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Rutgers went 18-9, 22-7 and 31-2 in Sellers’ final three seasons, making its first NCAA Tournament in 1975 and then charting “the unforgettable season” in 1975-76. In the Scarlet Knights’ NCAA quarterfinals romp of VMI – the most consequential victory in school history, in any sport – he posted 16 points on 6-of-9 shooting and grabbed 12 rebounds.

Phil Sellers holds a photo of himself going up for a dunk at the RU-SHU Basketball Banquet in 2021
Phil Sellers holds a photo of himself going up for a dunk at the RU-SHU Basketball Banquet in 2021

Though Sellers was a force in the paint who played much bigger than his height, he was more than a blunt instrument. He shot 74 percent from the free-throw line for his college career, and as a senior averaged 2.0 steals per game (a high number for any player, especially in the frontcourt).

“I don’t think I ever met anyone who wanted to win and hated to lose more than Phil,” said standout guard and classmate Mike Dabney, who scored 1,900 points for the Scarlet Knights. “He and I were cut from the same cloth like that.”

How was Sellers so dominant underneath at just 6-foot-4?

“He was excellent at boxing out and he had great hops – he wasn’t taking off from the foul line and dunking the ball, but he had great vertical hops,” Dabney said. “Bottom line, he had a nose for the basketball.”

After Rutgers, ups and downs

Chosen in the third round of the 1976 NBA Draft by the Pistons, Sellers played one season in Detroit before falling out of the league. Despite his relentless motor, he was too undersized to flourish inside at that level.

After his playing career Sellers served as an assistant coach at Rutgers for four years under Young, helping develop star center Roy Hinson, and later worked at NJ Transit and elsewhere. Through the years he came to games from time to time and usually attended reunion events. He was inducted into the New York City Basketball Hall of Fame in 2010 and his No. 12 hangs in the rafters at Jersey Mike’s Arena, one of just three retired Rutgers basketball numbers.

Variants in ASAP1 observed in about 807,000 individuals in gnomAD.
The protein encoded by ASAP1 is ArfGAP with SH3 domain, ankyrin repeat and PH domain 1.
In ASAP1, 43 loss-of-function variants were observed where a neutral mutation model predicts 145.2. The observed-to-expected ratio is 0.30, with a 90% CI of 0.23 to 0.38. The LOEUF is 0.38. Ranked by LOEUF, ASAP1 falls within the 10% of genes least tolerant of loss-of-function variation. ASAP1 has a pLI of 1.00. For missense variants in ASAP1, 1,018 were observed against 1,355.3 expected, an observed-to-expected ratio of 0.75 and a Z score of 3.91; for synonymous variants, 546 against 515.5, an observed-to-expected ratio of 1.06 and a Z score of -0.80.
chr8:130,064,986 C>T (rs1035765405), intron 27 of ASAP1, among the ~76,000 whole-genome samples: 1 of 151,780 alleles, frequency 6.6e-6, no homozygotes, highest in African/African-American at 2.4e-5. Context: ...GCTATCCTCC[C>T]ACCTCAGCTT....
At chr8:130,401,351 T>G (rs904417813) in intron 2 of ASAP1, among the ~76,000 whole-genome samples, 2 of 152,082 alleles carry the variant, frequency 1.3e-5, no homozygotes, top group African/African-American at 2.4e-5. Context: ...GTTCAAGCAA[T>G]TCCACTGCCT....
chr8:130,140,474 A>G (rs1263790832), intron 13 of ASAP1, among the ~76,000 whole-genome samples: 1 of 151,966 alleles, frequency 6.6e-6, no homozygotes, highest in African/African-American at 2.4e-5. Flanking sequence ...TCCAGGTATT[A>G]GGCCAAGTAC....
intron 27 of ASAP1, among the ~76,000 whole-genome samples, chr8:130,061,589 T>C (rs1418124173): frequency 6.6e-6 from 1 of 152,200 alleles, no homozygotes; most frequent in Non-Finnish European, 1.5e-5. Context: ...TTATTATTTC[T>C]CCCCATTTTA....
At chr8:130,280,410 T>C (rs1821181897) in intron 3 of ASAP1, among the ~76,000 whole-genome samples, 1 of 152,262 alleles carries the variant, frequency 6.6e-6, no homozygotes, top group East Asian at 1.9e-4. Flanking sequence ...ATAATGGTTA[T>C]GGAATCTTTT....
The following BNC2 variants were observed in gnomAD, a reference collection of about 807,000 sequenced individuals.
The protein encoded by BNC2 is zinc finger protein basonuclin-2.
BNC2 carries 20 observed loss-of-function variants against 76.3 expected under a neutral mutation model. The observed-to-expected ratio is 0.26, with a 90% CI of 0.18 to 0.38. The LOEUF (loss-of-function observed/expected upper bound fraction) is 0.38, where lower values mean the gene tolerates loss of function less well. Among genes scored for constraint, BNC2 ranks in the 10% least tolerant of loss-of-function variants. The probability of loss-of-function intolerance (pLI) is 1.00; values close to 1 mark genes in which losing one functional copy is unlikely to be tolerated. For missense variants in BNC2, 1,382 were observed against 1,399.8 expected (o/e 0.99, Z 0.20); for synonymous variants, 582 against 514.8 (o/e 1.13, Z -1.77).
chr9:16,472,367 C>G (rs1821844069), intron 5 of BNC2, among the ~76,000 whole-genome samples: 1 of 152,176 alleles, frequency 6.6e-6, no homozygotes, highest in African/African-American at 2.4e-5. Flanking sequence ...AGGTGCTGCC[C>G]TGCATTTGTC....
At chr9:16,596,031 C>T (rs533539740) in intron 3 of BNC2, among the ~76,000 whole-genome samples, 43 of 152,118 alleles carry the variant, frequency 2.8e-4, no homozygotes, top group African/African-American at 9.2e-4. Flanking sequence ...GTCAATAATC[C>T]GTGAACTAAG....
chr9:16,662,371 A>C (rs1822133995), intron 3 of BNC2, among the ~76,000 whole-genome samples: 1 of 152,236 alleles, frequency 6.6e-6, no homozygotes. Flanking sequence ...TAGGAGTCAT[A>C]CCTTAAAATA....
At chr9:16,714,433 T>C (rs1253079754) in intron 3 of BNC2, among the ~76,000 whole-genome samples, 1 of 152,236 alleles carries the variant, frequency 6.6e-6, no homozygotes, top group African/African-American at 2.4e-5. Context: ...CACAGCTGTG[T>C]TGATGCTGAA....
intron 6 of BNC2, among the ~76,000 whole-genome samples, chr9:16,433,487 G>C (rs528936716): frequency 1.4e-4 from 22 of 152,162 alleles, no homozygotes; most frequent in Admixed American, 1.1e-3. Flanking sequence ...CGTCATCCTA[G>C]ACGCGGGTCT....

The building still known as the RAC was one of Sellers’ legacies. So many people clamored to see his teams that the Scarlet Knights outgrew the 3,000-seat College Avenue Gym, regularly scheduling contests in Madison Square Garden. Construction on the RAC began shortly after the Final Four season; it opened in November 1978.

Current Rutgers coach Steve Pikiell said the program will do something to commemorate Sellers during the 2023-24 season, whether it's a uniform patch or a tribute along those lines.

"He was the ultimate role model for our current Scarlet Knights," said Pikiell, who had met Sellers on a few occasions.

In recent years, though he still came around with a megawatt smile and spellbinding anecdotes, Sellers had fallen on hard times financially and physically as he lived alone in East Orange. His health deteriorated over the past year, to the point where a GoFundMe campaign was launched, and Rutgers fans helped raise more than $100,000 for his medical bills.

It’s been a tough couple of years for participants in the Unforgettable Season. Beloved assistant coach Joe Boylan, who had become the program’s radio analyst, died after suffering a stroke during the 2021 NCAA Tournament. Young died in March 2022 at age 89 after battling heart and lung ailments.

“He turned us boys into young men," Sellers said of Young at his passing. "He took all the guys that Dick Vitale recruited and took us all to the next step. He had no idea what he was getting into, but it didn’t take him very long to lead us to success. Tom trusted in me to lead the team.”

Lead them he did, earning an eternally high place in the Rutgers sports pantheon.

Jerry Carino has covered the New Jersey sports scene since 1996 and the college basketball beat since 2003. He is an Associated Press Top 25 voter. Contact him at

This article originally appeared on Asbury Park Press: Phil Sellers, Rutgers basketball's gold standard, dies at 69